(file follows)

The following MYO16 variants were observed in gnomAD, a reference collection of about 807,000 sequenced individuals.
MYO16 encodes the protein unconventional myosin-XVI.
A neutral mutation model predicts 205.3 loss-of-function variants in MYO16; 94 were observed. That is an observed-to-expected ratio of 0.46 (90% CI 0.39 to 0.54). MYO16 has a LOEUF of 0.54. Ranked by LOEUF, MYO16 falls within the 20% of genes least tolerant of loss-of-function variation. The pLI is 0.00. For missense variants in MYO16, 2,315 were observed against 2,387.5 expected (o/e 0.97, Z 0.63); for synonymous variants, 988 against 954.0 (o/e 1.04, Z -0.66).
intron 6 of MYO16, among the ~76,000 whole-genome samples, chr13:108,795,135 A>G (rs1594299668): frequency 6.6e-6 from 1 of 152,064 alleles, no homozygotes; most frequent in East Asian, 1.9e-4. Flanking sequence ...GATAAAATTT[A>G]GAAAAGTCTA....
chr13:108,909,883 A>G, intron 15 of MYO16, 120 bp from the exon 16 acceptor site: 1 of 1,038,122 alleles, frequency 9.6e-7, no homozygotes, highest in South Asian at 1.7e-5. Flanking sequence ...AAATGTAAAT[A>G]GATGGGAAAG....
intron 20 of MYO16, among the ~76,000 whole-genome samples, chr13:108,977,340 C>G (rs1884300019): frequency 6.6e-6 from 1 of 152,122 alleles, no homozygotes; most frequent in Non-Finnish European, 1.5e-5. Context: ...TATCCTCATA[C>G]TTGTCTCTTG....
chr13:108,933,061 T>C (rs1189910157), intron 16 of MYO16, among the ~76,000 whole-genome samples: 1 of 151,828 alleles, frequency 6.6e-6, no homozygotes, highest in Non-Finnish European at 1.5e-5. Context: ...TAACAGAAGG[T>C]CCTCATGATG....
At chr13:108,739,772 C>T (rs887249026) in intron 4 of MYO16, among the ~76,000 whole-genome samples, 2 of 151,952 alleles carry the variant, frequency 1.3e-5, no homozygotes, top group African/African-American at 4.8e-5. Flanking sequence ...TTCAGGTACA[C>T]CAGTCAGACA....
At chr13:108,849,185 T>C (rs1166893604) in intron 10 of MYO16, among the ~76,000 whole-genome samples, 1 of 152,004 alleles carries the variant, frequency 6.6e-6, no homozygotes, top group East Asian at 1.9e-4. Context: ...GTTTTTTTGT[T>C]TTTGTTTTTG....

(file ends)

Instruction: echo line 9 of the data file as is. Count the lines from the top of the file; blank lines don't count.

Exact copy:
At chr13:108,849,185 T>C (rs1166893604) in intron 10 of MYO16, among the ~76,000 whole-genome samples, 1 of 152,004 alleles carries the variant, frequency 6.6e-6, no homozygotes, top group East Asian at 1.9e-4. Context: ...GTTTTTTTGT[T>C]TTTGTTTTTG....